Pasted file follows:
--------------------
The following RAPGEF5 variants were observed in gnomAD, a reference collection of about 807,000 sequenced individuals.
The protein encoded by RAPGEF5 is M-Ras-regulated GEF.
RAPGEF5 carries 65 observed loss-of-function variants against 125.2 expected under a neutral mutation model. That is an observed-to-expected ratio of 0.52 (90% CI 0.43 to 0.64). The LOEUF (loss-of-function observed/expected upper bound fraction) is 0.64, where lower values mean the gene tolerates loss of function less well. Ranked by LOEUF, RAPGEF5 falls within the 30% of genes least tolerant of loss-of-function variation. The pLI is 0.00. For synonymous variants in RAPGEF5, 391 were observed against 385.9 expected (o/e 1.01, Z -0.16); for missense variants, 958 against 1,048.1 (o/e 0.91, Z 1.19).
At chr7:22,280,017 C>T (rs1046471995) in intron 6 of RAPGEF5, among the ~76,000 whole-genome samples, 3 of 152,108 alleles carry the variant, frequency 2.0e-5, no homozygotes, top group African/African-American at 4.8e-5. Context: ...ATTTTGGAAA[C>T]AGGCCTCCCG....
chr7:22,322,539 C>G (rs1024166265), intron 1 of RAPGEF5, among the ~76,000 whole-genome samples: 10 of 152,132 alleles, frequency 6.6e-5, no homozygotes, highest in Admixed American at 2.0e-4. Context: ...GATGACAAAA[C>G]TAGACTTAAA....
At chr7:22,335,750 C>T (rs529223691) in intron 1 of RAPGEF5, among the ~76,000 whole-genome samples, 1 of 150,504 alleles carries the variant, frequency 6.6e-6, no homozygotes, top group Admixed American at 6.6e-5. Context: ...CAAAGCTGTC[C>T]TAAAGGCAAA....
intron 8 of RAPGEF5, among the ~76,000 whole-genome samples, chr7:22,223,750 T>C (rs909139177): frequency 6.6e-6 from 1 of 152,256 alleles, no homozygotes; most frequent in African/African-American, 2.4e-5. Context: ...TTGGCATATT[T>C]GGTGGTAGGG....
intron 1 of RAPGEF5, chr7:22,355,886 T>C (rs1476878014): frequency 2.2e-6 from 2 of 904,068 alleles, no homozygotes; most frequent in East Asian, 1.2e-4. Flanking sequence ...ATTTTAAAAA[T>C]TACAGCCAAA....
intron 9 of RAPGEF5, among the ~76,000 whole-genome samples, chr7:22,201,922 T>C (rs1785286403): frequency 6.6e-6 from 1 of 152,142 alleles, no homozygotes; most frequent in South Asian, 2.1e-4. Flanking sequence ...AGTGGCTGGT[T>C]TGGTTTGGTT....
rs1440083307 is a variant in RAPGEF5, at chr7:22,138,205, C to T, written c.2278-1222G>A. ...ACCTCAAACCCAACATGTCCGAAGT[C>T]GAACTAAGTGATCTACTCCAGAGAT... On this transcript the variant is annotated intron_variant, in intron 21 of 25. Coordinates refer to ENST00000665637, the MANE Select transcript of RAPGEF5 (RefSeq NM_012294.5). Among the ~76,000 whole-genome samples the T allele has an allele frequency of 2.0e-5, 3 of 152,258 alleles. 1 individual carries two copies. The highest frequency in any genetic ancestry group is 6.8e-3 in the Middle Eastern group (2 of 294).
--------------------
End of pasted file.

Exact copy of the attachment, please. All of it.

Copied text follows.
The following RAPGEF5 variants were observed in gnomAD, a reference collection of about 807,000 sequenced individuals.
The protein encoded by RAPGEF5 is M-Ras-regulated GEF.
RAPGEF5 carries 65 observed loss-of-function variants against 125.2 expected under a neutral mutation model. That is an observed-to-expected ratio of 0.52 (90% CI 0.43 to 0.64). The LOEUF (loss-of-function observed/expected upper bound fraction) is 0.64, where lower values mean the gene tolerates loss of function less well. Ranked by LOEUF, RAPGEF5 falls within the 30% of genes least tolerant of loss-of-function variation. The pLI is 0.00. For synonymous variants in RAPGEF5, 391 were observed against 385.9 expected (o/e 1.01, Z -0.16); for missense variants, 958 against 1,048.1 (o/e 0.91, Z 1.19).
At chr7:22,280,017 C>T (rs1046471995) in intron 6 of RAPGEF5, among the ~76,000 whole-genome samples, 3 of 152,108 alleles carry the variant, frequency 2.0e-5, no homozygotes, top group African/African-American at 4.8e-5. Context: ...ATTTTGGAAA[C>T]AGGCCTCCCG....
chr7:22,322,539 C>G (rs1024166265), intron 1 of RAPGEF5, among the ~76,000 whole-genome samples: 10 of 152,132 alleles, frequency 6.6e-5, no homozygotes, highest in Admixed American at 2.0e-4. Context: ...GATGACAAAA[C>G]TAGACTTAAA....
At chr7:22,335,750 C>T (rs529223691) in intron 1 of RAPGEF5, among the ~76,000 whole-genome samples, 1 of 150,504 alleles carries the variant, frequency 6.6e-6, no homozygotes, top group Admixed American at 6.6e-5. Context: ...CAAAGCTGTC[C>T]TAAAGGCAAA....
intron 8 of RAPGEF5, among the ~76,000 whole-genome samples, chr7:22,223,750 T>C (rs909139177): frequency 6.6e-6 from 1 of 152,256 alleles, no homozygotes; most frequent in African/African-American, 2.4e-5. Context: ...TTGGCATATT[T>C]GGTGGTAGGG....
intron 1 of RAPGEF5, chr7:22,355,886 T>C (rs1476878014): frequency 2.2e-6 from 2 of 904,068 alleles, no homozygotes; most frequent in East Asian, 1.2e-4. Flanking sequence ...ATTTTAAAAA[T>C]TACAGCCAAA....
intron 9 of RAPGEF5, among the ~76,000 whole-genome samples, chr7:22,201,922 T>C (rs1785286403): frequency 6.6e-6 from 1 of 152,142 alleles, no homozygotes; most frequent in South Asian, 2.1e-4. Flanking sequence ...AGTGGCTGGT[T>C]TGGTTTGGTT....
rs1440083307 is a variant in RAPGEF5, at chr7:22,138,205, C to T, written c.2278-1222G>A. ...ACCTCAAACCCAACATGTCCGAAGT[C>T]GAACTAAGTGATCTACTCCAGAGAT... On this transcript the variant is annotated intron_variant, in intron 21 of 25. Coordinates refer to ENST00000665637, the MANE Select transcript of RAPGEF5 (RefSeq NM_012294.5). Among the ~76,000 whole-genome samples the T allele has an allele frequency of 2.0e-5, 3 of 152,258 alleles. 1 individual carries two copies. The highest frequency in any genetic ancestry group is 6.8e-3 in the Middle Eastern group (2 of 294).